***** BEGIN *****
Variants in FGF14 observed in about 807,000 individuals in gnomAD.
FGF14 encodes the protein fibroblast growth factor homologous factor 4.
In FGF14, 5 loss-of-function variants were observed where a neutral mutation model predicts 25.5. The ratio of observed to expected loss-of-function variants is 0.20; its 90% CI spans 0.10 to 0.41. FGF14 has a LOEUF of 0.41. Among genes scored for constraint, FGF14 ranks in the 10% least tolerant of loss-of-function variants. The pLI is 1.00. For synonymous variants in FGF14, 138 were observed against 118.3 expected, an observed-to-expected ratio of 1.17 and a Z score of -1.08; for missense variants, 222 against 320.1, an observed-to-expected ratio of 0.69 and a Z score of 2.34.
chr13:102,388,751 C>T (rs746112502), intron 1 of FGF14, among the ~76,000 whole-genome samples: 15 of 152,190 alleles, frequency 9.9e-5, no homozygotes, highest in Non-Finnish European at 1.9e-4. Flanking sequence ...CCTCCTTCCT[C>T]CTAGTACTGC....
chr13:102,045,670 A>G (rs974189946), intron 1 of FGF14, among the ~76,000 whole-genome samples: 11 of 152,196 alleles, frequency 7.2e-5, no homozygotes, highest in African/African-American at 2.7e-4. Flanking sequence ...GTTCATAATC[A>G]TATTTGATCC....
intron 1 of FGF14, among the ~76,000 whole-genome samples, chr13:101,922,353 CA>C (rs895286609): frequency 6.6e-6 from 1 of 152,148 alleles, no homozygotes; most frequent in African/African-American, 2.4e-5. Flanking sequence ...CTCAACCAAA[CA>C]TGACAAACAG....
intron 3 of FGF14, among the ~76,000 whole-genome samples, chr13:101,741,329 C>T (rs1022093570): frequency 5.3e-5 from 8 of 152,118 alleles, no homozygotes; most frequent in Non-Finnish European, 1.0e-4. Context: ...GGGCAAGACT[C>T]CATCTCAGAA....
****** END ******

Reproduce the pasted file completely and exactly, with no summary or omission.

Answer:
Variants in FGF14 observed in about 807,000 individuals in gnomAD.
FGF14 encodes the protein fibroblast growth factor homologous factor 4.
In FGF14, 5 loss-of-function variants were observed where a neutral mutation model predicts 25.5. The ratio of observed to expected loss-of-function variants is 0.20; its 90% CI spans 0.10 to 0.41. FGF14 has a LOEUF of 0.41. Among genes scored for constraint, FGF14 ranks in the 10% least tolerant of loss-of-function variants. The pLI is 1.00. For synonymous variants in FGF14, 138 were observed against 118.3 expected, an observed-to-expected ratio of 1.17 and a Z score of -1.08; for missense variants, 222 against 320.1, an observed-to-expected ratio of 0.69 and a Z score of 2.34.
chr13:102,388,751 C>T (rs746112502), intron 1 of FGF14, among the ~76,000 whole-genome samples: 15 of 152,190 alleles, frequency 9.9e-5, no homozygotes, highest in Non-Finnish European at 1.9e-4. Flanking sequence ...CCTCCTTCCT[C>T]CTAGTACTGC....
chr13:102,045,670 A>G (rs974189946), intron 1 of FGF14, among the ~76,000 whole-genome samples: 11 of 152,196 alleles, frequency 7.2e-5, no homozygotes, highest in African/African-American at 2.7e-4. Flanking sequence ...GTTCATAATC[A>G]TATTTGATCC....
intron 1 of FGF14, among the ~76,000 whole-genome samples, chr13:101,922,353 CA>C (rs895286609): frequency 6.6e-6 from 1 of 152,148 alleles, no homozygotes; most frequent in African/African-American, 2.4e-5. Flanking sequence ...CTCAACCAAA[CA>C]TGACAAACAG....
intron 3 of FGF14, among the ~76,000 whole-genome samples, chr13:101,741,329 C>T (rs1022093570): frequency 5.3e-5 from 8 of 152,118 alleles, no homozygotes; most frequent in Non-Finnish European, 1.0e-4. Context: ...GGGCAAGACT[C>T]CATCTCAGAA....